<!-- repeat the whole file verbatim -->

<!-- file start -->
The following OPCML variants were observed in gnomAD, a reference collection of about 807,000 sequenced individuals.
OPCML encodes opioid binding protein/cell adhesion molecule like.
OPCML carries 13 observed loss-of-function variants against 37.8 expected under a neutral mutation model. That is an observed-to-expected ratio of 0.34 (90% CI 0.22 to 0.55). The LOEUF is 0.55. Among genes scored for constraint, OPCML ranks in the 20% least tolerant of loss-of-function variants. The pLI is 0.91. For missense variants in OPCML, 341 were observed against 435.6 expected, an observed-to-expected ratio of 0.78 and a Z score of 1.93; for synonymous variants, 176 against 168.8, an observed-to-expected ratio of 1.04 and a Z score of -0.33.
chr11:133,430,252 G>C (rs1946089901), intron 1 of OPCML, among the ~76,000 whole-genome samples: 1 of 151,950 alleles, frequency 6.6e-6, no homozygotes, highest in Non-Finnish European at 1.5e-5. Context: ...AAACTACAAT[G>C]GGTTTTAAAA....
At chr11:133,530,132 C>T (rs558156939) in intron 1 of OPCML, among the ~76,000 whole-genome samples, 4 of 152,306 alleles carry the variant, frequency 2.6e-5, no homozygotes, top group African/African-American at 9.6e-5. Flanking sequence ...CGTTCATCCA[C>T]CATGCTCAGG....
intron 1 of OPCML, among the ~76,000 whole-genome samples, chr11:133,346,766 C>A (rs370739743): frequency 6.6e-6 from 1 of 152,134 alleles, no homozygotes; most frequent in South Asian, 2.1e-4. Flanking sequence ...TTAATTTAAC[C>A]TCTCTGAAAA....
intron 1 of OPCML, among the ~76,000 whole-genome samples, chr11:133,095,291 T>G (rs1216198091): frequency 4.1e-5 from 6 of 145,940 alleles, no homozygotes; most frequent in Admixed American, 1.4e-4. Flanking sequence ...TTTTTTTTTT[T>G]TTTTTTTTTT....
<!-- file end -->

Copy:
The following OPCML variants were observed in gnomAD, a reference collection of about 807,000 sequenced individuals.
OPCML encodes opioid binding protein/cell adhesion molecule like.
OPCML carries 13 observed loss-of-function variants against 37.8 expected under a neutral mutation model. That is an observed-to-expected ratio of 0.34 (90% CI 0.22 to 0.55). The LOEUF is 0.55. Among genes scored for constraint, OPCML ranks in the 20% least tolerant of loss-of-function variants. The pLI is 0.91. For missense variants in OPCML, 341 were observed against 435.6 expected, an observed-to-expected ratio of 0.78 and a Z score of 1.93; for synonymous variants, 176 against 168.8, an observed-to-expected ratio of 1.04 and a Z score of -0.33.
chr11:133,430,252 G>C (rs1946089901), intron 1 of OPCML, among the ~76,000 whole-genome samples: 1 of 151,950 alleles, frequency 6.6e-6, no homozygotes, highest in Non-Finnish European at 1.5e-5. Context: ...AAACTACAAT[G>C]GGTTTTAAAA....
At chr11:133,530,132 C>T (rs558156939) in intron 1 of OPCML, among the ~76,000 whole-genome samples, 4 of 152,306 alleles carry the variant, frequency 2.6e-5, no homozygotes, top group African/African-American at 9.6e-5. Flanking sequence ...CGTTCATCCA[C>T]CATGCTCAGG....
intron 1 of OPCML, among the ~76,000 whole-genome samples, chr11:133,346,766 C>A (rs370739743): frequency 6.6e-6 from 1 of 152,134 alleles, no homozygotes; most frequent in South Asian, 2.1e-4. Flanking sequence ...TTAATTTAAC[C>A]TCTCTGAAAA....
intron 1 of OPCML, among the ~76,000 whole-genome samples, chr11:133,095,291 T>G (rs1216198091): frequency 4.1e-5 from 6 of 145,940 alleles, no homozygotes; most frequent in Admixed American, 1.4e-4. Flanking sequence ...TTTTTTTTTT[T>G]TTTTTTTTTT....